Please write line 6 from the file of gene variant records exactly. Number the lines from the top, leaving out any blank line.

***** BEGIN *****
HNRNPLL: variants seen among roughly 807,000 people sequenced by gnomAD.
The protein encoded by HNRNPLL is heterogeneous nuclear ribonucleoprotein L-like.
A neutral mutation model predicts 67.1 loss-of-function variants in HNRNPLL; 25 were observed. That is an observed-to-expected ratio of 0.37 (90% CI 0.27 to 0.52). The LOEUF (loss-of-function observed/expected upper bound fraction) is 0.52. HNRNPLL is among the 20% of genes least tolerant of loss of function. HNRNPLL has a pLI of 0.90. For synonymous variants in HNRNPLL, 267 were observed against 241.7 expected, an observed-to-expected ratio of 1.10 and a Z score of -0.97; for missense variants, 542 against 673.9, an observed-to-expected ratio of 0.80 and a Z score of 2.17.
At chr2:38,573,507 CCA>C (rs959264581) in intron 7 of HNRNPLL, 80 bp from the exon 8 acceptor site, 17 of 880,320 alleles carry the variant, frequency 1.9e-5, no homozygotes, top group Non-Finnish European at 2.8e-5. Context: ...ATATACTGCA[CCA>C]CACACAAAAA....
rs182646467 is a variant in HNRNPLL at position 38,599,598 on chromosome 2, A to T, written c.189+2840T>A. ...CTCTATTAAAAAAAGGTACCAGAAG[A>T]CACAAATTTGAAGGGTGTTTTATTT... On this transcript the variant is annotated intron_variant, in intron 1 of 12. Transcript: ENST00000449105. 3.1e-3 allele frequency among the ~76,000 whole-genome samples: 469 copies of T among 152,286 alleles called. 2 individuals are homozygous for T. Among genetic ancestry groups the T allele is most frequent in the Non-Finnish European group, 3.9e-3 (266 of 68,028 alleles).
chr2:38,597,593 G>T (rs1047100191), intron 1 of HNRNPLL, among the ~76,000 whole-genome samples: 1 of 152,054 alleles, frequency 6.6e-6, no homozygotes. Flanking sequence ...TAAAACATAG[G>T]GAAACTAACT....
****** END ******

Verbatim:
chr2:38,597,593 G>T (rs1047100191), intron 1 of HNRNPLL, among the ~76,000 whole-genome samples: 1 of 152,054 alleles, frequency 6.6e-6, no homozygotes. Flanking sequence ...TAAAACATAG[G>T]GAAACTAACT....